Do you love your morning cup of coffee but fear that it could be harmful to your heart health?
If so, you’re not alone. Researchers have been studying the effects of caffeine on the heart for years. To help you out, we’ve gathered information about the effects of caffeine on your heart to ensure your caffeine habit isn’t hindering your health.
How does caffeine affect the heart?
Caffeine affects the heart in a lot of different ways. Some ways aren’t good, but others are. When you drink caffeine, it enters your bloodstream from your stomach and small intestine. It stimulates your central nervous system, which causes your heart to beat faster.
Some people have a higher sensitivity to caffeine than others. And for some of those people, one of the effects of drinking caffeine can be heart palpitations, or an irregular heart rate. Heart palpitation are a common heart-related symptom people report. However, it should concern you if you are experiencing them frequently when consuming caffeine. If this is the case, reach out to your health care provider.
As for caffeine and hypertension, also known as high blood pressure, people who suffer from this condition will want to keep an eye on how much they consume. This is because caffeine can sometimes cause a short, but significant increase in blood pressure. If you have hypertension, talk to your health care provider to learn how much caffeine is safe for you.
Some heart-healthy benefits
However, as long as you aren’t exceeding the suggested daily caffeine intake, researchers have found that caffeine, specifically in coffee, can have some heart-healthy effects. Coffee contains phytochemicals that can reduce inflammation. And because inflammation in the heart can cause heart failure and atherosclerosis, it’s great that drinking coffee might help prevent it. Other research has shown that caffeine can act as an antioxidant, which could reduce your risk for diabetes.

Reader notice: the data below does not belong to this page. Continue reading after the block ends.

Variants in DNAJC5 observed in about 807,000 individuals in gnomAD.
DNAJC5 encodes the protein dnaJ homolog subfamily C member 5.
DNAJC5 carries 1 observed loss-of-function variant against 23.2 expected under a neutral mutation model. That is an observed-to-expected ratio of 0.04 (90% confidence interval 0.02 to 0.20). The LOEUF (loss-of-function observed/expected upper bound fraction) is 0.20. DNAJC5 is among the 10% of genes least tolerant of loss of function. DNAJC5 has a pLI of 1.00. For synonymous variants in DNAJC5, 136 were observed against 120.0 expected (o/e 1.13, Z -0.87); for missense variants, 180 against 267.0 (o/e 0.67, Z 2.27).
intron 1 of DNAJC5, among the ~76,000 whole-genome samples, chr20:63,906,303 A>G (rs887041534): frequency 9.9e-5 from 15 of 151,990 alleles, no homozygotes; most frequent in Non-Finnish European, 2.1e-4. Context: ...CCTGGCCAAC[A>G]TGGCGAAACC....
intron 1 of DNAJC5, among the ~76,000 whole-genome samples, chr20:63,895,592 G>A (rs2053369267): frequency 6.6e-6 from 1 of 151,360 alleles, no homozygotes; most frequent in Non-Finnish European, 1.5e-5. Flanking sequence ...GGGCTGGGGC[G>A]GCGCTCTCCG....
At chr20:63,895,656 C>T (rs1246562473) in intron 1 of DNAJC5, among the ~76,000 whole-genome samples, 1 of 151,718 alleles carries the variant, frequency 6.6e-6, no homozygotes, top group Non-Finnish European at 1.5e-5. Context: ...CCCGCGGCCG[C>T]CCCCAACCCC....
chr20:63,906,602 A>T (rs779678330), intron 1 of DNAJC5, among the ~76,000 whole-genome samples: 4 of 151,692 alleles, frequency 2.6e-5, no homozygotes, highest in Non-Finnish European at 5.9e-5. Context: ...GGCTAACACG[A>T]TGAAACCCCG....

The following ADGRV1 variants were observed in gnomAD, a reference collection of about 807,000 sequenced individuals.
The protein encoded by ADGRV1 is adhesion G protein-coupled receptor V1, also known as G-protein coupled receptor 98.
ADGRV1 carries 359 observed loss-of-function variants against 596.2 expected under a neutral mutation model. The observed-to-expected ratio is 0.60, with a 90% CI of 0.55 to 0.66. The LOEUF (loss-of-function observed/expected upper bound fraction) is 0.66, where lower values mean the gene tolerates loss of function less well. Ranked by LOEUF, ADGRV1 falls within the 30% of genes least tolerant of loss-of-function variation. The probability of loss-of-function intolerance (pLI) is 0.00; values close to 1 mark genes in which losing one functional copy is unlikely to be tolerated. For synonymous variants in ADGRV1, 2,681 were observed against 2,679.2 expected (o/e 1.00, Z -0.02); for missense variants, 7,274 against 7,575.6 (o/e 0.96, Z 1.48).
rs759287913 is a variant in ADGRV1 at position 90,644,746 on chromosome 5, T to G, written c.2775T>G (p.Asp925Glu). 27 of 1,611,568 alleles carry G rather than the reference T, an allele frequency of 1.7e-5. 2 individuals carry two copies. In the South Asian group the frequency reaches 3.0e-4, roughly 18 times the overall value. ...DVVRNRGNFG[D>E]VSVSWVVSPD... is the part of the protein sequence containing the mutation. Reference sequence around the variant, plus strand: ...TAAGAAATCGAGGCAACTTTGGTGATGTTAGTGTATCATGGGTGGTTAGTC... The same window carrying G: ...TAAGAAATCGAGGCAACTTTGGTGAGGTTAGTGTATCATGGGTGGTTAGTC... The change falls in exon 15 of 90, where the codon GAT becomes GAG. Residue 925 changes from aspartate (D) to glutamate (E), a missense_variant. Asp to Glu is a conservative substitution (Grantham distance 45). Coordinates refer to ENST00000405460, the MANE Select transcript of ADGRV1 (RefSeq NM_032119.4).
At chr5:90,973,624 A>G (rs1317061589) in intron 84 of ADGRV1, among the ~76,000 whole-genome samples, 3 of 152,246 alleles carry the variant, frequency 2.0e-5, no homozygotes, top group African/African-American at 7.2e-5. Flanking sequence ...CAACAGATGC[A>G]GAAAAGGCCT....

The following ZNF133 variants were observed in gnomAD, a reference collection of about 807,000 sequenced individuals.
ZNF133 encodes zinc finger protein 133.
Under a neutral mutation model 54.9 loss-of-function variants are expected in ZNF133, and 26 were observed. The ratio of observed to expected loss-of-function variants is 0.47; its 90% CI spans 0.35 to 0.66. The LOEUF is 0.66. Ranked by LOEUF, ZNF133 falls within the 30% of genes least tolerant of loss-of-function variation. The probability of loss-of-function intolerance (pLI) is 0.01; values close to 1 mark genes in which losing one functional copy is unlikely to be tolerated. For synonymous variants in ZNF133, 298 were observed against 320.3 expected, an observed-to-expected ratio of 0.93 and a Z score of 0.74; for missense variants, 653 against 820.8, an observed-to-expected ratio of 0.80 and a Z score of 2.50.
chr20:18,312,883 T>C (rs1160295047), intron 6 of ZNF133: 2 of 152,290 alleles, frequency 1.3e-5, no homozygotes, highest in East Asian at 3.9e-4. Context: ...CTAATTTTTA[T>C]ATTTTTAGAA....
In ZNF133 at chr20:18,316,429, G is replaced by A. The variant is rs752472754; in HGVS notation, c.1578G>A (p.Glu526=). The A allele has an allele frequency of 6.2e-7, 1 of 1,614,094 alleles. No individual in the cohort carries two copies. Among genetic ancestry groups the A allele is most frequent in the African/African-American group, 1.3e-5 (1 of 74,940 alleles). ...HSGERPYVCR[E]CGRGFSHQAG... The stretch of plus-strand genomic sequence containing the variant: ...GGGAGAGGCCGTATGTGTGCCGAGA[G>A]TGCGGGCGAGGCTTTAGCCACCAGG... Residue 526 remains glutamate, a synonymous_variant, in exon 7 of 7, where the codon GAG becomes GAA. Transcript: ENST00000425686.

Overall, more research needs to be done to confirm the exact benefits and risks of caffeine on the heart.
What amount of caffeine is safe?
Research shows that a caffeine intake of up to 400 milligrams a day is safe for most average-sized adults. That equals about two cups of coffee per day.
However, having a high caffeine intake can cause harmful side effects. More than four cups of coffee a day can raise your heart rate and blood pressure, increase stress levels and increase your risk for a heart attack or stroke. This is especially true for people who are not used to consuming large amounts of caffeine.
However, if you are a moderate caffeine drinker — rest easy in knowing that limited caffeine won’t harm your heart.
How much caffeine is in my favorite drink?
So, 400 milligrams of caffeine equals two cups of coffee. But what about our other favorite caffeine drinks? How does that translate?
Here are a few breakdowns for you:
- Espresso: 240 to720 milligrams
- Energy drinks: 50 to 160 milligrams
- Brewed tea: 40 to 120 milligrams
- Soft drinks: 20 to 40 milligrams
However, drinking more than 500 milligrams of caffeine per day can cause caffeine intoxication. This includes uncomfortable and sometimes serious symptoms, such as:
- High blood pressure
- Panic attacks
- Increased gastric acid
- Bowel irritability
Tips on lowering your caffeine intake
Whether you are drinking more caffeine than the recommended daily amount, you’re feeling the side effects of too much caffeine or you simply want to consume less, you can ease up with a few relatively easy changes.
For some, reducing their caffeine intake is as simple as eliminating an extra cup of coffee a day. However, for others, significantly reducing their intake may be necessary. Try swapping a caffeinated drink for a non-caffeinated one, such as:
- Decaf coffee
- Caffeine-free herbal tea
- Sparkling water in place of a soft drink or caffeinated energy drink
If you choose to reduce your caffeine consumption, try to do so over the course of several days. Doing too much too quickly can lead to withdrawal symptoms, such as brain fog, jitters and brain fog.
When to talk to your doctor
When it comes to caffeine, make sure you are doing your homework and reading nutrition labels. That way, you can make sure you aren’t exceeding your 400 milligram daily limit. If you are experiencing negative reactions to caffeine or you’ve tried reducing your intake and still don’t feel right, reach out to your primary care provider, who may refer you to a cardiologist, to discuss your options.
Learn about the heart and vascular services we offer at Mercy Health.